The iPhone SE (2022) is one powerful small phone, but it doesn't look like shoppers are very excited.
Analyst Ming-Chi Kuo just cut his expected SE 2022 sales by 10 million units, around a third of his first prediction. He believes Apple will sell a healthy 15 - 20 million iPhone SEs, but that's still a big drop, and Kuo says that "demand is lower than expected."
This has been backed up by a Nikkei Asia report that claims Apple's cutting its iPhone SE output for next quarter by around 20% (approximately 2 million units), along with a cut of 10 million units for AirPods production. The report again cites low demand, but that this is caused by inflation and the Russian invasion of Ukraine.
I would also argue that the poor expected sales and drop in production orders could show that Apple's lost the interest of potential buyers, and it's not hard to see why that might be. Updating only the SE's internals and leaving the five-year-old exterior unaltered doesn't do enough to convince users to upgrade, and so anyone the phone could appeal to is better off with a different handset, even if it's another iPhone.
Shanghai lockdown doesn't affect the iPhone SE production. However, the new iPhone SE demand is lower than expected (the delivery status "in stock" as one of the proofs), and I cut my shipment estimation in 2022 to 15-20M (vs. 25-30M previously).March 28, 2022
iPhone SE 2022: A good phone lacking an edge
The iPhone SE (2022) offers Apple's most powerful A15 Bionic chip and 5G connectivity for just $429. It's also the only new phone on the market that uses a physical home button and Touch ID, which some still prefer. In theory, the new iPhone SE makes the ideal entry to the Apple ecosystem, especially those who dislike the bigger size of other modern smartphones, or those with limited budgets.
However, those plus points haven't stopped that reduced sales forecast. Perhaps the majority of users aren't that impressed with the small 4.7-inch display with big bezels, or the lack of night mode photography (and by extension more than one rear camera), both things we complained about in our review.
Those factors were still strong enough for us to award the iPhone SE four stars out of five. But just because a phone is technically good, doesn't mean it's doing enough to attract people to buy it.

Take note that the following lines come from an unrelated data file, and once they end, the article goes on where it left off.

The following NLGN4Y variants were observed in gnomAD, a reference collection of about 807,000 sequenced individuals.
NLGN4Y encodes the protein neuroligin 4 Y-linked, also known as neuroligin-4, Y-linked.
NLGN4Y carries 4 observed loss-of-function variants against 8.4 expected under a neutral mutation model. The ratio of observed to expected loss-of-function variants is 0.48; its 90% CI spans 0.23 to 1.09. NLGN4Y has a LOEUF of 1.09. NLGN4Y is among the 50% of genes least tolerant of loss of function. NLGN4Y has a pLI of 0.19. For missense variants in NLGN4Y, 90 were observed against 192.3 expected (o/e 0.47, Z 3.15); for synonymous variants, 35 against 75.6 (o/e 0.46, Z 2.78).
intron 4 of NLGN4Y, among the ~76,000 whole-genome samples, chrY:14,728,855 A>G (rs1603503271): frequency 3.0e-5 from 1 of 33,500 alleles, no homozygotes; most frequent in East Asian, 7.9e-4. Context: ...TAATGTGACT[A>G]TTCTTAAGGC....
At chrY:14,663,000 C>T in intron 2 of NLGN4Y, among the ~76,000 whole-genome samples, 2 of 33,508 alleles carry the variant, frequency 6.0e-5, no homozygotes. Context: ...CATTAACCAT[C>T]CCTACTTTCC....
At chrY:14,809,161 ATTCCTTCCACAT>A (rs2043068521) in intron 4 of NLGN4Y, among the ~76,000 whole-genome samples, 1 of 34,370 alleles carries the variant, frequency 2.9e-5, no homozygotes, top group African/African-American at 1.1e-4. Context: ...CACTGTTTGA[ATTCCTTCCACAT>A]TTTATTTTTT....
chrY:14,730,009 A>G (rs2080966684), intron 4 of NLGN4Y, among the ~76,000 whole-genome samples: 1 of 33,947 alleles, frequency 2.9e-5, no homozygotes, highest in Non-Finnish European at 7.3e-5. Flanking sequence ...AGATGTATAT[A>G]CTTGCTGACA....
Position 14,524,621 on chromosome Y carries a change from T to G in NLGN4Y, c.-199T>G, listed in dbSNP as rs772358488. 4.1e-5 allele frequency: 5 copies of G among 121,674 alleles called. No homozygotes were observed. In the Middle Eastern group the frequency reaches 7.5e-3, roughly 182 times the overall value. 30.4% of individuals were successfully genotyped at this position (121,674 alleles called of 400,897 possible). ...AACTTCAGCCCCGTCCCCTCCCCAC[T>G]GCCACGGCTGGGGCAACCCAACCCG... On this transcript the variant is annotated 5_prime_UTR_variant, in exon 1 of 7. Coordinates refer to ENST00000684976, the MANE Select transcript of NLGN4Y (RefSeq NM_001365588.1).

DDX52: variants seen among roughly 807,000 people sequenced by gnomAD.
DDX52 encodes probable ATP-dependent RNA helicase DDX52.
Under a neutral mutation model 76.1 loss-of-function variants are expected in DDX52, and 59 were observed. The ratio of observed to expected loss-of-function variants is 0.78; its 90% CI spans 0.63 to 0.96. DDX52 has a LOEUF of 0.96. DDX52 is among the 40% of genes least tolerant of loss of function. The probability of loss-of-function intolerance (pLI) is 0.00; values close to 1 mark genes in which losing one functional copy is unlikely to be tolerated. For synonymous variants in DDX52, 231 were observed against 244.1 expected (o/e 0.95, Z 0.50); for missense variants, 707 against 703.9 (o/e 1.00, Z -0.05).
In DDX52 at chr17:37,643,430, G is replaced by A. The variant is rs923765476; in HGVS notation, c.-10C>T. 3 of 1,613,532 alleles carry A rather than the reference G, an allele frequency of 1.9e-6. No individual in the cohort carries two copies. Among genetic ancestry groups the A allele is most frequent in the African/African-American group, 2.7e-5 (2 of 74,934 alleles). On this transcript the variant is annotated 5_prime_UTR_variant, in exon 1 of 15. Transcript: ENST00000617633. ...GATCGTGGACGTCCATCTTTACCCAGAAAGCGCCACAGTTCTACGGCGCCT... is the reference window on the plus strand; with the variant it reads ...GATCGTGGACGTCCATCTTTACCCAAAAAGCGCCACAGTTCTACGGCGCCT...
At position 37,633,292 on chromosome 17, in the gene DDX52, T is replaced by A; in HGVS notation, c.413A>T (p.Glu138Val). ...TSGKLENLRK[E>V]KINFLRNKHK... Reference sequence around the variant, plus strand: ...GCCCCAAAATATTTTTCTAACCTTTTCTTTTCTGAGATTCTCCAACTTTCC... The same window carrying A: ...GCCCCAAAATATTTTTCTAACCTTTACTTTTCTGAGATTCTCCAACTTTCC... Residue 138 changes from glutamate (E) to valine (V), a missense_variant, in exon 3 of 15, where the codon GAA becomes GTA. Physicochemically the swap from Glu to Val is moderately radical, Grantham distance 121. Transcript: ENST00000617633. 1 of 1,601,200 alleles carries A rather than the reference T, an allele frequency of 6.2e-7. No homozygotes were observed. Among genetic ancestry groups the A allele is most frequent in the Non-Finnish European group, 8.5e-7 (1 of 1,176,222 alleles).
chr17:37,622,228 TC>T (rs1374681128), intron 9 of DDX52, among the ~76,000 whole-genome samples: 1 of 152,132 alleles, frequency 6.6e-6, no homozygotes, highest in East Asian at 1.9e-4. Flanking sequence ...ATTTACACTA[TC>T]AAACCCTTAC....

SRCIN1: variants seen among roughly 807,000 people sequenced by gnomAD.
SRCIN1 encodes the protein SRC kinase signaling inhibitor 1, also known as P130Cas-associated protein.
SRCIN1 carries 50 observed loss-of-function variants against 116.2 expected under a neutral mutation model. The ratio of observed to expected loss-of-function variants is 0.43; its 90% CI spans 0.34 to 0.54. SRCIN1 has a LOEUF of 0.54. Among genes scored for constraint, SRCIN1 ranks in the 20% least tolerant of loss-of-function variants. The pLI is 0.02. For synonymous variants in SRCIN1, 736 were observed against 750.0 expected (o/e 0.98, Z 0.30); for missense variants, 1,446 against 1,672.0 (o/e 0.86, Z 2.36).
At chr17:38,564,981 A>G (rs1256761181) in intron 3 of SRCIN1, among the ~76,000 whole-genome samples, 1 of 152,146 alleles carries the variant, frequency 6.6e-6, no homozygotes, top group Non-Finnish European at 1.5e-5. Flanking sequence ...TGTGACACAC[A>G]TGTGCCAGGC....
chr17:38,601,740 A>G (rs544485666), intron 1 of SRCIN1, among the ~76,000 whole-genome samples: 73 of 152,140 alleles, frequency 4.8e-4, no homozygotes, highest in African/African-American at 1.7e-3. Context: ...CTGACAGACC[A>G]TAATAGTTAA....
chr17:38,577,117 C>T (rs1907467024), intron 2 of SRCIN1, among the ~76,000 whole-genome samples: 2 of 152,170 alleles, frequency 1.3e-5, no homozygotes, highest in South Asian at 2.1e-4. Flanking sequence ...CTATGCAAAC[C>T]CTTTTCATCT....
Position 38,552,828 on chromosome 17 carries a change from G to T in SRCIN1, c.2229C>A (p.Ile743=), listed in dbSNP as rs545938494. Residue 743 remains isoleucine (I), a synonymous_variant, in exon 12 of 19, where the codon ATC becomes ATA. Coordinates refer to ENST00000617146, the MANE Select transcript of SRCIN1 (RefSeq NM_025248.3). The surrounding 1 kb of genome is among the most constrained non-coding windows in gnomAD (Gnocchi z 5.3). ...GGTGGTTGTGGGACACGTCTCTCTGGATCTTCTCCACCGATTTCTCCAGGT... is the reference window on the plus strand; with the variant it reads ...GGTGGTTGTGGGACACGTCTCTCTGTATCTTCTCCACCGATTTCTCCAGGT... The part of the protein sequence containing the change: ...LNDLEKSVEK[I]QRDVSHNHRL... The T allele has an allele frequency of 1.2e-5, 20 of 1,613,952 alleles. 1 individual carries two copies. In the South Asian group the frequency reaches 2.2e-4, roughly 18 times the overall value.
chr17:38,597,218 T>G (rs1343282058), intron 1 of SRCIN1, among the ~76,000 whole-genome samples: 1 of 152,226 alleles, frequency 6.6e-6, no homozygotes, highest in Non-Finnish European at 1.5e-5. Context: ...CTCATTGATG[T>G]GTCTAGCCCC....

Who is the iPhone SE 2022 for?
So with this combination of pros and cons, let's consider what kind of person the iPhone SE is best suited to. To give you the bottom line early: it doesn't seem to be for many people.
We'll start with the most obvious segment of potential buyers: those looking for cheap phones. The iPhone SE is aimed squarely at this type of buyer, but users with only $400 to spend have amazing rival phones to look at too. The Google Pixel 5a (the current No. 1 pick on our best cheap phones list) and Samsung Galaxy A53 both offer larger displays and more cameras.
Even if you limit your search to just iPhones, you've still got better options. We recently suggested buyers look to the $500 iPhone 11 rather than the new SE, and it's definitely the better choice if your budget can stretch to it. Sure, it's over 3 years old but it offers a 6.1-inch design, Face ID, second rear camera and night mode for just $70 more than the iPhone SE.
Apple's mini iPhone problem
You may think that making a sub-6-inch phone like the iPhone SE would allow Apple to corner the portion of the market that doesn't like big phones. Unfortunately, it seems like there's just not much interest there. The iPhone 12 mini and the iPhone 13 mini have both reportedly suffered from slow sales.
While it seemed on its face that offering a compact 5.4-inch version of the regular 6.1-inch iPhone would be a great idea, it seemed that too few people actually bought them. In fact, the iPhone 14 is rumored to be getting a 6.7-inch iPhone 14 Max, removing the mini from the lineup altogether.
So how about current iPhone SE users? The model before this one, which uses the same body, is only two years old and is still getting full iOS updates. Sure, it doesn't offer 5G or some of the camera processing functions enabled by the updated chip, but those aren't enough cause to convince someone already happy with their iPhone to trade it in for the refreshed version.
It seems that Apple has thoroughly squeezed all the value it can out of the iPhone SE's iPhone 8 body, but it's time to move on. Fortunately, the next SE, possibly named the iPhone SE Plus, may be getting the redesign it desperately needs.
iPhone SE: the way forward
This new SE Plus model, which could arrive as soon as next year may use an iPhone XR-like design. It could end up costing a little more than the $430 iPhone SE 2022 as a result, but that won't matter if it draws more people in with basically all the features the SE lacks: a bigger display, more cameras and Face ID.
I don't want to give users who went out and bought the new iPhone SE buyer's remorse; it's still a great phone that matches fairly well to both to its direct competitors and to other iPhones. However, if you decided to pass up buying the SE, I think you made the right choice. If Apple is serious about catering to users who can't or won't buy its flagship phones, it needs to offer better value than the iPhone SE (2022) currently does.